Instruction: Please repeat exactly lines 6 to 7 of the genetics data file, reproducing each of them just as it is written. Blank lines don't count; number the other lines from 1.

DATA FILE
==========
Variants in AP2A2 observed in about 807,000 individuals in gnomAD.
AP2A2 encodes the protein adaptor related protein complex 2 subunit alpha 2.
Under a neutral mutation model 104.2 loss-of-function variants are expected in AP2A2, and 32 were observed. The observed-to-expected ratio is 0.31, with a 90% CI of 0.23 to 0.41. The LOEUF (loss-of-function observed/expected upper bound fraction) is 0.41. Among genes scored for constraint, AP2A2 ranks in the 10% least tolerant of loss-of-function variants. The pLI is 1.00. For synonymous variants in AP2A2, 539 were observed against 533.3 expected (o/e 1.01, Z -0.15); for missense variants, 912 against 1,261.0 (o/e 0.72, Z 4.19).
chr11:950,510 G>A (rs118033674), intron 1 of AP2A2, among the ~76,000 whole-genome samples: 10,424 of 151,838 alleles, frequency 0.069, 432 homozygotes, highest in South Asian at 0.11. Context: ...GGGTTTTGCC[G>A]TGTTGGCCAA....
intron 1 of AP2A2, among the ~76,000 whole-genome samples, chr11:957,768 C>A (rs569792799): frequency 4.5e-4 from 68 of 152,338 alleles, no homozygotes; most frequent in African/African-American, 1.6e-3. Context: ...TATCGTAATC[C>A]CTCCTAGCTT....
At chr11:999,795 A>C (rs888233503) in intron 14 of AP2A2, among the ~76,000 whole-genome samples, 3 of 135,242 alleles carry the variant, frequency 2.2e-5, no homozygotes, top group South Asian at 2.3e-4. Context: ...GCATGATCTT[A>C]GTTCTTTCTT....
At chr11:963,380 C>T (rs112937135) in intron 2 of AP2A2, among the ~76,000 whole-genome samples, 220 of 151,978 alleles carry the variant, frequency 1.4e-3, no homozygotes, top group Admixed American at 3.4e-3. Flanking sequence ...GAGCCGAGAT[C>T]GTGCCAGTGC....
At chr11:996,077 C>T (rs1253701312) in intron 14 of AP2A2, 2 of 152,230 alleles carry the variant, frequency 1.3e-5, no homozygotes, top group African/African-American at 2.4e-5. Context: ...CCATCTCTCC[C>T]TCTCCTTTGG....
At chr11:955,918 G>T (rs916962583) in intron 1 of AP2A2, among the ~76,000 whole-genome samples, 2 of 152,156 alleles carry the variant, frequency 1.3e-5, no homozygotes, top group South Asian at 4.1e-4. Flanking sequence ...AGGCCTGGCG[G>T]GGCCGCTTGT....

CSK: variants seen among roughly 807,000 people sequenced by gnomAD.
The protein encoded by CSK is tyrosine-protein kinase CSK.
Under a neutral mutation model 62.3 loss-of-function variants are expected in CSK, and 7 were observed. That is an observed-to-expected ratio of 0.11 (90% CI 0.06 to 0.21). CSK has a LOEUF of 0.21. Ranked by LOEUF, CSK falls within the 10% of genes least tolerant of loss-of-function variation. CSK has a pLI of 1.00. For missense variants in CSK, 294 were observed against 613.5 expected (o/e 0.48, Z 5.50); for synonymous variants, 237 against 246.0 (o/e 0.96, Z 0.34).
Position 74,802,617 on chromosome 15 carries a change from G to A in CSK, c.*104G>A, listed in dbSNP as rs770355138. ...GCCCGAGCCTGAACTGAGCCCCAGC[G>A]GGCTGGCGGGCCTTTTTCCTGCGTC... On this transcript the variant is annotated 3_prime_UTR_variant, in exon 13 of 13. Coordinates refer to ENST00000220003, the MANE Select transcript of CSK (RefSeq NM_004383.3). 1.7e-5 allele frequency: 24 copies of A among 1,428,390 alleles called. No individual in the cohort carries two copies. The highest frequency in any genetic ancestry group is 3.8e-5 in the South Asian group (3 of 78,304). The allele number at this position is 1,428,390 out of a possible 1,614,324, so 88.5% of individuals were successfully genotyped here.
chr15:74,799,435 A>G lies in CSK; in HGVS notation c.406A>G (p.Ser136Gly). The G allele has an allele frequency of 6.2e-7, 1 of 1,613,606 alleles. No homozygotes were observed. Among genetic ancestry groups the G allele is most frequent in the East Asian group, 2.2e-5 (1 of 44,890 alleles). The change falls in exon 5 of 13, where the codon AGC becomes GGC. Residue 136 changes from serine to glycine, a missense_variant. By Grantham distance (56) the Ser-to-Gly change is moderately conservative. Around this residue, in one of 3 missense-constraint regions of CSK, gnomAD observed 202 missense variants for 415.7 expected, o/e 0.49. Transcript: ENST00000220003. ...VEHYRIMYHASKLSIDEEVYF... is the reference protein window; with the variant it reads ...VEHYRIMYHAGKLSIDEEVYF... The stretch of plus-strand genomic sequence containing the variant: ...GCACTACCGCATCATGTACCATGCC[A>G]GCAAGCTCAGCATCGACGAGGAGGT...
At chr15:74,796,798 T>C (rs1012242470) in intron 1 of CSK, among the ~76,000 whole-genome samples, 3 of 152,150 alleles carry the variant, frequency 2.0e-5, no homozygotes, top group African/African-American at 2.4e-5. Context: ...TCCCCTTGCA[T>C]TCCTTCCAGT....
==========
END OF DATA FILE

At chr11:999,795 A>C (rs888233503) in intron 14 of AP2A2, among the ~76,000 whole-genome samples, 3 of 135,242 alleles carry the variant, frequency 2.2e-5, no homozygotes, top group South Asian at 2.3e-4. Context: ...GCATGATCTT[A>C]GTTCTTTCTT....
At chr11:963,380 C>T (rs112937135) in intron 2 of AP2A2, among the ~76,000 whole-genome samples, 220 of 151,978 alleles carry the variant, frequency 1.4e-3, no homozygotes, top group Admixed American at 3.4e-3. Flanking sequence ...GAGCCGAGAT[C>T]GTGCCAGTGC....